TOPICS > Arts > journalism

What happens when Photoshop goes too far?

July 26, 2015 at 2:47 PM EDT
A New York exhibit chronicles prominent cases of images altered by journalists and asks: If seeing is believing, how often are you, the viewer or reader, being misled? Saskia de Melker reports.
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SASKIA DE MELKER: ​When you don’t like those people or objects in the background, you just remove them.

Using a filter, after the snap, to make a regular photo look vintage, is as easy as a mouse click. So is removing a light post that seems to be shooting out of someone’s head by using photoshop.

But in the world of photojournalism, these alterations are the subject of intense debate. And using photo­shop can land you in hot water. Like it did for The Economist when it removed people from this beach photo of President Obama.

Or for an Orthodox Israeli newspaper when it cut out the female leaders in this photo.

MICHAEL KAMBER: ​People do that all the time on their Facebook page. That’s fine. We’re the professionals. We have to maintain standards and ethics. We have to make sure that these photos are an accurate representation.

SASKIA DE MELKER: ​Photographer Michael Kamber has covered conflicts around the world for the New York Times. His latest project, though, is curating an exhibition at the Bronx Documentary Center called “Altered Images”, which explores news and documentary photos that have been manipulated.

MICHAEL KAMBER: ​The more we looked, the more we found, especially lately, especially in the digital age. It was actually hard to bring it down to these 40 photos.

SASKIA DE MELKER: ​The exhibit spans photojournalism history and includes examples of staging: directing subjects like the boy in this image.

Or misleading captions: this man was not a sniper.

And yes, photoshopping: John Kerry was never at this anti­Vietnam rally with Jane Fonda.

One of the first cases of controversial digital photo manipulation occurred in 1982 with the Great

Pyramids of Egypt.

MICHAEL KAMBER:​ National Geographic took a horizontal photo and wanted to put it on a vertical cover. And they moved the pyramids closer together. That was something that really got people’s attention.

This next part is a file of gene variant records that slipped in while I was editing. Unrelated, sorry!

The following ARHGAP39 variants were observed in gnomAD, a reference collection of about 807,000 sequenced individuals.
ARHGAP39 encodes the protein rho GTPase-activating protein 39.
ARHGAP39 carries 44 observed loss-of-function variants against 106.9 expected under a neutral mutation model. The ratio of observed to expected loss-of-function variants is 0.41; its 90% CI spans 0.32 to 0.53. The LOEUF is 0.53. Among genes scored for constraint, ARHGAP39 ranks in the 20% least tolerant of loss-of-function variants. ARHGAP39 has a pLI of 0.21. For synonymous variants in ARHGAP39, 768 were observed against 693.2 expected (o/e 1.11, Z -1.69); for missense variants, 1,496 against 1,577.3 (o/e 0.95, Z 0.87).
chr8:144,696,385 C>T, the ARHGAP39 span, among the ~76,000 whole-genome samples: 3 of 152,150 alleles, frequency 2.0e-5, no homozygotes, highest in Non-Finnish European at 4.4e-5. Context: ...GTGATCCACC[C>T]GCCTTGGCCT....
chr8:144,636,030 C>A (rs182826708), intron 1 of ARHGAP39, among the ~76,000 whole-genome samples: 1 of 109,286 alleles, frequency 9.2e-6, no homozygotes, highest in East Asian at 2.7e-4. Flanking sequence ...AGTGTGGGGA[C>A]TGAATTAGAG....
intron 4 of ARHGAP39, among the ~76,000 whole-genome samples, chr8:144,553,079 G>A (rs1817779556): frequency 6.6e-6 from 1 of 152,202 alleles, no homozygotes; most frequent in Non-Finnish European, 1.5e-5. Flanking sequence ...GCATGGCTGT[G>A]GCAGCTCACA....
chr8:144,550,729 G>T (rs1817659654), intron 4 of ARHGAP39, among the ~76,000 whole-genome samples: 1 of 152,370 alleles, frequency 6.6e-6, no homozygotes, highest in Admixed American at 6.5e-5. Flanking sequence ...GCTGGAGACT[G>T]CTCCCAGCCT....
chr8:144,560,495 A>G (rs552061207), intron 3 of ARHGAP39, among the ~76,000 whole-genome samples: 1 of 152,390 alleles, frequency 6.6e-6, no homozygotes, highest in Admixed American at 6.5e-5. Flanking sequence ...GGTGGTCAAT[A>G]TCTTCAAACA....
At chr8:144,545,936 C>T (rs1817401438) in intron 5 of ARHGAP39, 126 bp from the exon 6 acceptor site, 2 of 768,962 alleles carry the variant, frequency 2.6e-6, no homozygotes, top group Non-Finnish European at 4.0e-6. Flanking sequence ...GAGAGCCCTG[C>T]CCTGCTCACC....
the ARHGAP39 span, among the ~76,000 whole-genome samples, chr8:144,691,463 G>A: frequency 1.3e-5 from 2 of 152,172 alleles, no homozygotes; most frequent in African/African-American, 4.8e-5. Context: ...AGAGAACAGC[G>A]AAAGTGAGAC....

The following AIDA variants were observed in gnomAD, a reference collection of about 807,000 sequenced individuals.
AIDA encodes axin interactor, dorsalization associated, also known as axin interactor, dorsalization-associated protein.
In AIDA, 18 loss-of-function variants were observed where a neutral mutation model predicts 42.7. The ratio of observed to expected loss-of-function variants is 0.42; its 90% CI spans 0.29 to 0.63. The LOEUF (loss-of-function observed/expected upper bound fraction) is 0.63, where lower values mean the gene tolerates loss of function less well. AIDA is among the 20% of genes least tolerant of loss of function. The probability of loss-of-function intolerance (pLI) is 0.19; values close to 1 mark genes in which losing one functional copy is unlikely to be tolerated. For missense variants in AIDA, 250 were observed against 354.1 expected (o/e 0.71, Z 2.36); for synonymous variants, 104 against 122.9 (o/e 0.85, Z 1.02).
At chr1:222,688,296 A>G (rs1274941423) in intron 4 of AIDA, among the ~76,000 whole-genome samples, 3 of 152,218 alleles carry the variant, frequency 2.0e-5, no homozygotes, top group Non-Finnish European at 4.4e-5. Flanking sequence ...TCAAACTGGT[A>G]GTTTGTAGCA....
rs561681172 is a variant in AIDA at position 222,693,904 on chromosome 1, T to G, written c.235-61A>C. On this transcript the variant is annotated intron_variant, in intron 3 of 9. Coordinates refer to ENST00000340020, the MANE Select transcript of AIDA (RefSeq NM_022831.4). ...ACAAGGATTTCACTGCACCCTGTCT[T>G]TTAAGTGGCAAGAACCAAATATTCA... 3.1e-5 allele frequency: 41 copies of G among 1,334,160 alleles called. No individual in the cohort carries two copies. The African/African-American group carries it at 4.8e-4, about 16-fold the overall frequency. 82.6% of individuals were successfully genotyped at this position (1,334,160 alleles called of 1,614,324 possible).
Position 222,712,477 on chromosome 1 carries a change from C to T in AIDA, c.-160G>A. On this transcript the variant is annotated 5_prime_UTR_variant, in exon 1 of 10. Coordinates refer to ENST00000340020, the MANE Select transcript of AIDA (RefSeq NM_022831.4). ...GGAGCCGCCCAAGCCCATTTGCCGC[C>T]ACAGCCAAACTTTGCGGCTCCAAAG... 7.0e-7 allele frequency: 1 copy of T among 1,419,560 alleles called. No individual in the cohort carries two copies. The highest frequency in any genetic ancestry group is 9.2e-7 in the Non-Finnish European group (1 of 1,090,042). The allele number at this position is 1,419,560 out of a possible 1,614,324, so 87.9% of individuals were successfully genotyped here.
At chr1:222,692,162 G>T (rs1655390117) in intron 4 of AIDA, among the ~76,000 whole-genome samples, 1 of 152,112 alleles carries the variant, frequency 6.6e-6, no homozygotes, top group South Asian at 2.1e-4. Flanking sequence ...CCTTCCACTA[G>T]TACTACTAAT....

MICHAEL KAMBER: ​Another really egregious example of manipulation is the Los Angeles

Times photo from 2003, where a photographer took two photos. They were both quite dramatic. There was a British soldier in the photo and there was an Iraqi civilian. In one photo he liked the way the soldier looked. And in the other photo he liked the way the civilian looked. So he decided to just combine the two photos in Photoshop. And it was actually printed all over the world.

SASKIA DE MELKER: ​When the inconsistencies were noticed, the photographer lost his job.

Photo manipulation is as old as photography itself. Take this photo of President Lincoln. It’s actually Lincoln’s head on Senator John Calhoun’s body.

Or this portrait of General Ulysses Grant. It layers three separate images from different times and locations.

Even before photography went digital, the media altered photos. In this famous image of the

Kent State massacre, the fence behind the grieving teenage girl was removed.

SASKIA DE MELKER: ​In 1994, Time magazine ignited a firestorm for making football hero O.J.

Simpson, then accused of murdering his wife, look darker and blacker than he really was.

Newsweek didn’t.

In 2006, the Reuters news agency yanked a photo of the Israeli­bombed Beirut skyline after it learned the photographer used photoshop to clone and darken the smoke to make the damage look worse.

Two years ago, the Associated Press fired the photographer who edited out a video camera seen in the foreground of the image of this soldier.

MICHAEL KAMBER: ​Once we start removing things from photos then pretty much everything is on the table for negotiation. We can’t be negotiating this. We can’t be negotiating what is inside the frame. It has to be what was actually there when you took the photo.

SASKIA DE MELKER: ​Still, in this year’s coveted World Press Photo Contest, 20 percent of the finalists were disqualified for significant alterations to their photos.

BRUCE SHAPIRO: ​You’ve got technology, and a public that knows it’s there, which creates all kind of room for doubt.

SASKIA DE MELKER: ​Columbia Journalism School Professor Bruce Shapiro says the internet magnifies the consequences of manipulated images.

BRUCE SHAPIRO: ​Powerful images of current events, of controversies, of abuses have been an important driver of social change and public policy. If the public, if the news consuming, image consuming, picture drenched public loses confidence in the ability of photographers to tell the truth in a fundamental way, then the game is up.

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